Mitt Romney’s White House Would Have Been ‘Similar to a Holding Company’

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Photo: Joe Raedle/Getty Images

Mitt Romney recently emerged from wherever he is to criticize the first 100 days of President Obama's second term for "[lacking] of any clear agenda." He also assured the public that his 500-person transition team had prepared a truly game-changing agenda for the start of President Romney's time in the White House, though they obviously never got to use it. For those wondering what that plan looked like: The Romney Readiness Project (also known as R2P, like a robot) has released a 138-page report describing the changes the Republican candidate would have made upon taking office. Time's Zeke Miller read through the entire thing, which relies heavily on the business world language and structure Romney loves.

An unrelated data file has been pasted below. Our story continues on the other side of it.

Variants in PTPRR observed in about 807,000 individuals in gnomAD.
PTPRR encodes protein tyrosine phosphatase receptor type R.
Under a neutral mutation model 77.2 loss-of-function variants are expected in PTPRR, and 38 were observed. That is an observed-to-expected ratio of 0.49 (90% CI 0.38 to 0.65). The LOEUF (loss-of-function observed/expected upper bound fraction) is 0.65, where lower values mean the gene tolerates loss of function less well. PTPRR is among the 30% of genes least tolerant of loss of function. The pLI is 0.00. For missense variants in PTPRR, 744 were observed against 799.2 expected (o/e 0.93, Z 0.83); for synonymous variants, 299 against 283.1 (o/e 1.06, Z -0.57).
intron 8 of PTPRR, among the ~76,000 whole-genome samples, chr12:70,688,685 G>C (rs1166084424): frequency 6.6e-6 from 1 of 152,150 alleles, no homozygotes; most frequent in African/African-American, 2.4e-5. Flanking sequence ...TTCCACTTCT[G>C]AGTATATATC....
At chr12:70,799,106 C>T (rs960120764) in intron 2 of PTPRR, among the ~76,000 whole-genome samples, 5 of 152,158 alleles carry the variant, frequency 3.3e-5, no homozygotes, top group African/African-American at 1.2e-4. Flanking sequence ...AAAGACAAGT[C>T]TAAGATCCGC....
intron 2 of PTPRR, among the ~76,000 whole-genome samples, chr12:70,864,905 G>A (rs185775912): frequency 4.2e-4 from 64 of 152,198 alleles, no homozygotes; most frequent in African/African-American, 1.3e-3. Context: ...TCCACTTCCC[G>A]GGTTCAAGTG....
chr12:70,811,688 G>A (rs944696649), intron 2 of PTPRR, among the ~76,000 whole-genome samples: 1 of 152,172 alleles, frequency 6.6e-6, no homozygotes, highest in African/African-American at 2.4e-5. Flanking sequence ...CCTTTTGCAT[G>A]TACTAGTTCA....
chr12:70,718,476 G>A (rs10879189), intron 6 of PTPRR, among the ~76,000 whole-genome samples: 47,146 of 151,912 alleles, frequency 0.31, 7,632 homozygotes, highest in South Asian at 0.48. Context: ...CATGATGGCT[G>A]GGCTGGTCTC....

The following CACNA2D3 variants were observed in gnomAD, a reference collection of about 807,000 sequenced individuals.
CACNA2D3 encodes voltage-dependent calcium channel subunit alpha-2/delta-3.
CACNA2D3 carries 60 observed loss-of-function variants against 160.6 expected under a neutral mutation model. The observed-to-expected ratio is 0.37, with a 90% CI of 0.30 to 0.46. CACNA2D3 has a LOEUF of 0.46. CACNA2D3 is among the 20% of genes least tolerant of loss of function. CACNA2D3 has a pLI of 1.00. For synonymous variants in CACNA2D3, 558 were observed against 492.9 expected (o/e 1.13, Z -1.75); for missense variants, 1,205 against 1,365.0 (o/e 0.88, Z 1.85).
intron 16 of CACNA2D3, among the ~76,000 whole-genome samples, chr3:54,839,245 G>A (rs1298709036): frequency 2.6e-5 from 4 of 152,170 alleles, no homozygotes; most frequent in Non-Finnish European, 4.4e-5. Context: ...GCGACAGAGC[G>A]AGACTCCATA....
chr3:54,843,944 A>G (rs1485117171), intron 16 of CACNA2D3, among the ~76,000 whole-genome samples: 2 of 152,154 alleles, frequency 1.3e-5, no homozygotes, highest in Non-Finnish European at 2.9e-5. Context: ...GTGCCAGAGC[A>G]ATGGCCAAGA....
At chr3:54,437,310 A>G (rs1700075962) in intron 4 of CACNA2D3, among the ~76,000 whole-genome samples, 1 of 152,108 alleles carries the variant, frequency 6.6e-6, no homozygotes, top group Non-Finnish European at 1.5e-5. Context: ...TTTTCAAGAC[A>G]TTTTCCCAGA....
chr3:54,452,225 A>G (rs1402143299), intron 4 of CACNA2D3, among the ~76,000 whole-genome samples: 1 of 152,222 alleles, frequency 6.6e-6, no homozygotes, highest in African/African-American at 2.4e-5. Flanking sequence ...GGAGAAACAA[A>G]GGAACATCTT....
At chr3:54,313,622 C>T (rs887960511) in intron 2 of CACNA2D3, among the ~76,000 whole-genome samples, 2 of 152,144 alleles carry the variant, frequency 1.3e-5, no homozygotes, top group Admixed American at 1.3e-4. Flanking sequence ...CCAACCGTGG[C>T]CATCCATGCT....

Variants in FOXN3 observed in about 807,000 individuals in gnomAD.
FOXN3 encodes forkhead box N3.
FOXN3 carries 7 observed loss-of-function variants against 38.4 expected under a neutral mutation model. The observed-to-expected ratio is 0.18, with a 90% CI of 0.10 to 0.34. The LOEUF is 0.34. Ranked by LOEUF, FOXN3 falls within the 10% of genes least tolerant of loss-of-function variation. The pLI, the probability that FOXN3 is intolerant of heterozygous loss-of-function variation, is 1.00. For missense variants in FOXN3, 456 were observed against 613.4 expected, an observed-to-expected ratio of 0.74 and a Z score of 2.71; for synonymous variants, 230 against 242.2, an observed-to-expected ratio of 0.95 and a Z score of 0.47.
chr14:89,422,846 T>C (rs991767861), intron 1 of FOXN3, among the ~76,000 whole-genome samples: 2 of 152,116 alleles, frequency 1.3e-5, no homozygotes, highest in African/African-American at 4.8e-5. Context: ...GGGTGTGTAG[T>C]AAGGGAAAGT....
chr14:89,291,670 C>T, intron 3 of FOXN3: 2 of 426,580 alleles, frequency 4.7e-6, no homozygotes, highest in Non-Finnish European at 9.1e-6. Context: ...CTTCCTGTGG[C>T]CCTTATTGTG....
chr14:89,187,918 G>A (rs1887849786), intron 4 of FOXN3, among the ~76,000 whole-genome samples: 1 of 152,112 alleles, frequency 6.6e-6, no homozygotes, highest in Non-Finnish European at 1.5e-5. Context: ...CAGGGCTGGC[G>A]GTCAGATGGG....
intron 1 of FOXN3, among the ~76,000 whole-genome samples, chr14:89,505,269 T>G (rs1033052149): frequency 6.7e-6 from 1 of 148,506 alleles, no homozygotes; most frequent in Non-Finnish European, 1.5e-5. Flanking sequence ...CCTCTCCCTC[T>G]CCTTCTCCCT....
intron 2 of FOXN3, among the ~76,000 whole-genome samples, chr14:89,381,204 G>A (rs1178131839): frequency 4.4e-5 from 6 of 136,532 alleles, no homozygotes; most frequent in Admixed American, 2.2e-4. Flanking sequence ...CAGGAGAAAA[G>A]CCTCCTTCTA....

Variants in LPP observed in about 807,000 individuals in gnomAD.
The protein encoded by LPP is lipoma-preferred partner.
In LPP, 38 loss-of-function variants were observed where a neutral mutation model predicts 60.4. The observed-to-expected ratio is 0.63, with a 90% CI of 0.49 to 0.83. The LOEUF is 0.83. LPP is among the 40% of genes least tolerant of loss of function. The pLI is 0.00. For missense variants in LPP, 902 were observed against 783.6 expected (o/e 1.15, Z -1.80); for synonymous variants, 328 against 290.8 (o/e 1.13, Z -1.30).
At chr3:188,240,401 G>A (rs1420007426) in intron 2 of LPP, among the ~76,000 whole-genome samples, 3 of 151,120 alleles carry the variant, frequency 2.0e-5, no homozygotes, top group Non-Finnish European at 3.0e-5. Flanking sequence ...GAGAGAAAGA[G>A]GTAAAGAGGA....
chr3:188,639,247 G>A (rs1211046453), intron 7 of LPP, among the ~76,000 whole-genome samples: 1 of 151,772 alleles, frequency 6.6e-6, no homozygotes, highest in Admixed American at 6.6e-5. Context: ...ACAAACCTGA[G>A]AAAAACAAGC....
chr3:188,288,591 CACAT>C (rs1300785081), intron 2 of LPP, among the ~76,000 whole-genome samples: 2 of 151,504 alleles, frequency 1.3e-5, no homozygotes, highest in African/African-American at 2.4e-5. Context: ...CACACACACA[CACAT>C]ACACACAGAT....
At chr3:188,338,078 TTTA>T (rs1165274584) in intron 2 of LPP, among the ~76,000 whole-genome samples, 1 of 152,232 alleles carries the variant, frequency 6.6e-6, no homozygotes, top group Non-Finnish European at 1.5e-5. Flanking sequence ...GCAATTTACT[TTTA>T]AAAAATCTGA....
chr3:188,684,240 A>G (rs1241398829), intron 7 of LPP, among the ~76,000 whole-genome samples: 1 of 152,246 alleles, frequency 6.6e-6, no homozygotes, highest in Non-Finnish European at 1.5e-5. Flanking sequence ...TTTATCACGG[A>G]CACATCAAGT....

"The White House staff is similar to a holding company with a large collection of offices, each of which has its own set of responsibilities, constituents, and work flows," says a slide that would have been part of a victorious Romney's post-Election Day briefing. "It is a holding company with three main divisions." Those divisions were to be "'Care & Feeding Offices,' like speechwriting, 'Policy Offices,' like the National Security Council, and 'Packaging & Selling Offices,' like the office of the press secretary."

In addition to "restructuring White House operation's to suit Romney's corporate management style, with clear deliverables," Miller says R2P recommended "corporate-style training seminars" intended to teach appointees and nominees "management skills" before the inauguration, the extensive use of flow charts to "achieve unity," and the installation of a deputy chief of staff for Cabinet oversight to "systematically [assess] the efforts of their [Cabinet secretaries'] departments in contributing to [Romney's] priorities and objectives." And, of course, the agenda included plans to repeal Obamacare, reform the tax code, and loosen federal regulations, as the Republican candidate vowed to do during his campaign. Unfortunately for Romney & Co., voters decided to put a pin in all that indefinitely.